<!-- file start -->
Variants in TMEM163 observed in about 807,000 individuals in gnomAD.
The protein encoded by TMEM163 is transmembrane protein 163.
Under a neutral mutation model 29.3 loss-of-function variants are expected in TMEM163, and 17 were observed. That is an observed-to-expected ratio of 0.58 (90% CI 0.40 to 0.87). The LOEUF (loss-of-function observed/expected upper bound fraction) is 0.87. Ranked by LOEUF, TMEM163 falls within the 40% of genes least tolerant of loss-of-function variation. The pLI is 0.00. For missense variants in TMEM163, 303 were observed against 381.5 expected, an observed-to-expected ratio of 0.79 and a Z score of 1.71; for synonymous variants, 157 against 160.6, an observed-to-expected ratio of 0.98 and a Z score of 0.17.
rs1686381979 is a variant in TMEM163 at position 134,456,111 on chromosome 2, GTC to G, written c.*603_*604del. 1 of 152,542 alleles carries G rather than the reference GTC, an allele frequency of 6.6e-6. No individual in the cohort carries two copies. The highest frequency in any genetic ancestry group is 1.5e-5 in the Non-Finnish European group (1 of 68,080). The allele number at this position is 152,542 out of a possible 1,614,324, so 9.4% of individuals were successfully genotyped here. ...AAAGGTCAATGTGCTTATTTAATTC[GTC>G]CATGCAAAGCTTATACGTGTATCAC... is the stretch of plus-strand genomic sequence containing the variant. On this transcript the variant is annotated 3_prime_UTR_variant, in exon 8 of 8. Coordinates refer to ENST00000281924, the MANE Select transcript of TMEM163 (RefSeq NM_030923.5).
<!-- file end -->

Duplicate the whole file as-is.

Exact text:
Variants in TMEM163 observed in about 807,000 individuals in gnomAD.
The protein encoded by TMEM163 is transmembrane protein 163.
Under a neutral mutation model 29.3 loss-of-function variants are expected in TMEM163, and 17 were observed. That is an observed-to-expected ratio of 0.58 (90% CI 0.40 to 0.87). The LOEUF (loss-of-function observed/expected upper bound fraction) is 0.87. Ranked by LOEUF, TMEM163 falls within the 40% of genes least tolerant of loss-of-function variation. The pLI is 0.00. For missense variants in TMEM163, 303 were observed against 381.5 expected, an observed-to-expected ratio of 0.79 and a Z score of 1.71; for synonymous variants, 157 against 160.6, an observed-to-expected ratio of 0.98 and a Z score of 0.17.
rs1686381979 is a variant in TMEM163 at position 134,456,111 on chromosome 2, GTC to G, written c.*603_*604del. 1 of 152,542 alleles carries G rather than the reference GTC, an allele frequency of 6.6e-6. No individual in the cohort carries two copies. The highest frequency in any genetic ancestry group is 1.5e-5 in the Non-Finnish European group (1 of 68,080). The allele number at this position is 152,542 out of a possible 1,614,324, so 9.4% of individuals were successfully genotyped here. ...AAAGGTCAATGTGCTTATTTAATTC[GTC>G]CATGCAAAGCTTATACGTGTATCAC... is the stretch of plus-strand genomic sequence containing the variant. On this transcript the variant is annotated 3_prime_UTR_variant, in exon 8 of 8. Coordinates refer to ENST00000281924, the MANE Select transcript of TMEM163 (RefSeq NM_030923.5).